Geriatrics 2022, 7(6), 141; https://doi.org/10.3390/geriatrics7060141 - 13 Dec 2022
Cited by 2 | Viewed by 2180
Abstract
(1) Introduction: Cardiovascular disease is associated with high mortality, especially in older people. This study aimed to characterize the evolution of combined multimorbidity and polypharmacy patterns in older people with different cardiovascular disease profiles. (2) Material and methods: This longitudinal study drew data [...] Read more.
(1) Introduction: Cardiovascular disease is associated with high mortality, especially in older people. This study aimed to characterize the evolution of combined multimorbidity and polypharmacy patterns in older people with different cardiovascular disease profiles. (2) Material and methods: This longitudinal study drew data from the Information System for Research in Primary Care in people aged 65 to 99 years with profiles of cardiovascular multimorbidity. Combined patterns of multimorbidity and polypharmacy were analysed using fuzzy c-means clustering techniques and hidden Markov models. The prevalence, observed/expected ratio, and exclusivity of chronic diseases and/or groups of these with the corresponding medication were described. (3) Results: The study included 114,516 people, mostly men (59.6%) with a mean age of 78.8 years and a high prevalence of polypharmacy (83.5%). The following patterns were identified: Mental, behavioural, digestive and cerebrovascular; Neuropathy, autoimmune and musculoskeletal; Musculoskeletal, mental, behavioural, genitourinary, digestive and dermatological; Non-specific; Multisystemic; Respiratory, cardiovascular, behavioural and genitourinary; Diabetes and ischemic cardiopathy; and Cardiac. The prevalence of overrepresented health problems and drugs remained stable over the years, although by study end, cohort survivors had more polypharmacy and multimorbidity. Most people followed the same pattern over time; the most frequent transitions were from Non-specific to Mental, behavioural, digestive and cerebrovascular and from Musculoskeletal, mental, behavioural, genitourinary, digestive and dermatological to Non-specific. (4) Conclusions: Eight combined multimorbidity and polypharmacy patterns, differentiated by sex, remained stable over follow-up. Understanding the behaviour of different diseases and drugs can help design individualised interventions in populations with clinical complexity. Full article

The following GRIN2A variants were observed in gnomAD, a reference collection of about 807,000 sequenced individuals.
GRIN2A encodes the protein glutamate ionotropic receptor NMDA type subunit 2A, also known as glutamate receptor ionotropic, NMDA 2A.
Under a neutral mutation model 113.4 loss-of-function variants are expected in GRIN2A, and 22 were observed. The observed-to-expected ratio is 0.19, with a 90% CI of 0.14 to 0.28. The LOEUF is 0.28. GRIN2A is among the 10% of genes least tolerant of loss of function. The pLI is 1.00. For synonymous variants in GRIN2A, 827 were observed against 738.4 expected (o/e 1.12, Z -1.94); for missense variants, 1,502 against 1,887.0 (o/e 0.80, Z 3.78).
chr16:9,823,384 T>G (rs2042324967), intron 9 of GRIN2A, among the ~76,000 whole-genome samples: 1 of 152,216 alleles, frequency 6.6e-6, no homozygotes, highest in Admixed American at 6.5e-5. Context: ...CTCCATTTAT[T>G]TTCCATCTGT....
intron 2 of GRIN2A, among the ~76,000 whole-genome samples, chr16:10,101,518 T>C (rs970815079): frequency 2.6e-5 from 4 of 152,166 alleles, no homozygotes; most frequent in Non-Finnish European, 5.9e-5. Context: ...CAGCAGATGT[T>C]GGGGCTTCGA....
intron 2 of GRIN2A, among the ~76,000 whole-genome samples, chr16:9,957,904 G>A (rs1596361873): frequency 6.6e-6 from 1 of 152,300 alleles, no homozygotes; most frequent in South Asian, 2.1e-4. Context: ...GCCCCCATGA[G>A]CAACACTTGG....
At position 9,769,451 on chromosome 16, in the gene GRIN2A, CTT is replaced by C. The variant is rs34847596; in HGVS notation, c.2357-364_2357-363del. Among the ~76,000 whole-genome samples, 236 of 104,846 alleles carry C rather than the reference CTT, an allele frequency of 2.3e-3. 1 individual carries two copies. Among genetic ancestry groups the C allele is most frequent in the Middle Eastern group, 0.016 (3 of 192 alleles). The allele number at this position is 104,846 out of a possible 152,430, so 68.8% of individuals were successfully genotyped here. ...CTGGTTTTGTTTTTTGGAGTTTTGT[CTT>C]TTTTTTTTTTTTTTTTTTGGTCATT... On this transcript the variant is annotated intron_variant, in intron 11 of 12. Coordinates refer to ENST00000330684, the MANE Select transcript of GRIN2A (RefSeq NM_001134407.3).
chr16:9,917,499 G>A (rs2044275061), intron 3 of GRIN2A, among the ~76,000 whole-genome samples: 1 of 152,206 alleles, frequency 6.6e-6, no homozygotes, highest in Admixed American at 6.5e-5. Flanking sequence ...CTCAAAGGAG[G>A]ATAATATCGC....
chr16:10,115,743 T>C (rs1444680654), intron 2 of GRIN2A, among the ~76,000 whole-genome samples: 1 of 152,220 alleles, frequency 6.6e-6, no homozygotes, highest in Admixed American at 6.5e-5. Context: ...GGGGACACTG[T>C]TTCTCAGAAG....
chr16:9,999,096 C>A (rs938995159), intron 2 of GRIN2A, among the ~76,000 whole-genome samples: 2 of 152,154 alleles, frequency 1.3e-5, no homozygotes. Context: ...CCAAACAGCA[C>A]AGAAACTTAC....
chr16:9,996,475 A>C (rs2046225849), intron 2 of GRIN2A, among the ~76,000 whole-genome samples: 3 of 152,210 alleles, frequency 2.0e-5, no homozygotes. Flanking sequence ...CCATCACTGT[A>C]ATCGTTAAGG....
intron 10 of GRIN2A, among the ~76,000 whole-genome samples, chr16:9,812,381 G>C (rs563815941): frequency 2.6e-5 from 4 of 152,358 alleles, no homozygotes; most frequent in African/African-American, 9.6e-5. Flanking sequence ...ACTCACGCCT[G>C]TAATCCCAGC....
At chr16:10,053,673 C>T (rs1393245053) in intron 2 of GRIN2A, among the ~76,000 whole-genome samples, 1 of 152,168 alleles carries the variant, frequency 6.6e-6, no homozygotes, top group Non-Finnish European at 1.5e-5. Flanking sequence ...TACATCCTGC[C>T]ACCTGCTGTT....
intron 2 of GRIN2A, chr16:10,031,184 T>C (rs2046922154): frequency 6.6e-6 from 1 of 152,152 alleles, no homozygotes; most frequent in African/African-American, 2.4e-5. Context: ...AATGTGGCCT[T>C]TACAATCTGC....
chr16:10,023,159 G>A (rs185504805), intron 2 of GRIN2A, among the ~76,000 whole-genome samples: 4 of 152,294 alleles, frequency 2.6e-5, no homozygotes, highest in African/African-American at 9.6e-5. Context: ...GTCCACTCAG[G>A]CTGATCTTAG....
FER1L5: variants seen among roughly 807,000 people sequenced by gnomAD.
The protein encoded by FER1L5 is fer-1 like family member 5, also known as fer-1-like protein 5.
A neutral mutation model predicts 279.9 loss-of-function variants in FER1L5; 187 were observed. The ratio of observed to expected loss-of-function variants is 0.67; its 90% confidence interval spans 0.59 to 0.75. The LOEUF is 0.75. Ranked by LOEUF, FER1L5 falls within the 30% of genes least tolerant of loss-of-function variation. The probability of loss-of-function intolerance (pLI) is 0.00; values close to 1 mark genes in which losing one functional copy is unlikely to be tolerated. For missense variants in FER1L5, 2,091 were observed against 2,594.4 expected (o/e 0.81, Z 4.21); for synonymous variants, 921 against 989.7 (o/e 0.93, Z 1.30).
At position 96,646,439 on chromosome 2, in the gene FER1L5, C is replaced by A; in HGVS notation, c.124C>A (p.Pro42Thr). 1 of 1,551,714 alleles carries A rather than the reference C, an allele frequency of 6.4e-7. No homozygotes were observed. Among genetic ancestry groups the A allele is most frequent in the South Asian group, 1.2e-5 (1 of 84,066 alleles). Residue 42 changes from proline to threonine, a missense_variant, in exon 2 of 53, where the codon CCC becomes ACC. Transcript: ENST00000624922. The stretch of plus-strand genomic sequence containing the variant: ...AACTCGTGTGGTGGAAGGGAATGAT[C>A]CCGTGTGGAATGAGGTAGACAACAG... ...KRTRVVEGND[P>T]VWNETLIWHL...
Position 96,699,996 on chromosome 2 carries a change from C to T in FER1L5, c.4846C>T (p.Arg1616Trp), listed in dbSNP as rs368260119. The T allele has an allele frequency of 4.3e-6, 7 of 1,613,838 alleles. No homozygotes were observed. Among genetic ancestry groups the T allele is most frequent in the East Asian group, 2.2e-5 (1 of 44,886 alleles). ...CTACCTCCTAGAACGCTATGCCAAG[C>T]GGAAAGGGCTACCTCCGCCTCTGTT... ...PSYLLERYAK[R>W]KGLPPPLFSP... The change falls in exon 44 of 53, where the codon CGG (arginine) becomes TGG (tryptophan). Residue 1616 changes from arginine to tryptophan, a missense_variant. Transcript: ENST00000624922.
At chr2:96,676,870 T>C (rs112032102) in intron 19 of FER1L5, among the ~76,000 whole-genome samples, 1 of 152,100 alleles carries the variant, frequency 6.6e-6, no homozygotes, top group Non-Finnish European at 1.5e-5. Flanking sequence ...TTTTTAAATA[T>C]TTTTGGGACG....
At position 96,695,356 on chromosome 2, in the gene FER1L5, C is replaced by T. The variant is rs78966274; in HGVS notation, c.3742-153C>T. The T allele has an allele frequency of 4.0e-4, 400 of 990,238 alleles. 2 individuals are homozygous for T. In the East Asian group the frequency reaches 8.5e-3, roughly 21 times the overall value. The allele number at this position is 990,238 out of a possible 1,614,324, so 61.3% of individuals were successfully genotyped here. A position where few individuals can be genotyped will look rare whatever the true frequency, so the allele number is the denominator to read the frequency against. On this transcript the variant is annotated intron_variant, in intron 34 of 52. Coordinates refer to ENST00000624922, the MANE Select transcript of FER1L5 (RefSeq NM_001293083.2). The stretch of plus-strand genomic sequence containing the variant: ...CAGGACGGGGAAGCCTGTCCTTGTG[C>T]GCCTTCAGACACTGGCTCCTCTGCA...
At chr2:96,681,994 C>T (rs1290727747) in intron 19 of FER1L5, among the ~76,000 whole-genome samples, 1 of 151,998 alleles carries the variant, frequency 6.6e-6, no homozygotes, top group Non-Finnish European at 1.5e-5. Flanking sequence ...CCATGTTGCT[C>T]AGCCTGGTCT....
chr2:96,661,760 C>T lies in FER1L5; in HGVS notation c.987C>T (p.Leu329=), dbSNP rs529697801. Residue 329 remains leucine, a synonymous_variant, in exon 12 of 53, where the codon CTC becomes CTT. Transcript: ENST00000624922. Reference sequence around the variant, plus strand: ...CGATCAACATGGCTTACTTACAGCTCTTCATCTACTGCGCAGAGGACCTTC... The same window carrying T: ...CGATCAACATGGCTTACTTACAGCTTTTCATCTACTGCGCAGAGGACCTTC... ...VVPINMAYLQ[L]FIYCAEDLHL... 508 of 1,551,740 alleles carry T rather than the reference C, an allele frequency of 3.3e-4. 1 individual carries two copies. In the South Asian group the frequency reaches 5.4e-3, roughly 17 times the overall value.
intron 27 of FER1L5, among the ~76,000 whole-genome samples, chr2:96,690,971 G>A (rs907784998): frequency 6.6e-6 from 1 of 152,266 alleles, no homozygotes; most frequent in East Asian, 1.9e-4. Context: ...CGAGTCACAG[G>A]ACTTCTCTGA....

(This article belongs to the Special Issue Adherence and Polymedication in Older Adults)
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10 pages, 256 KiB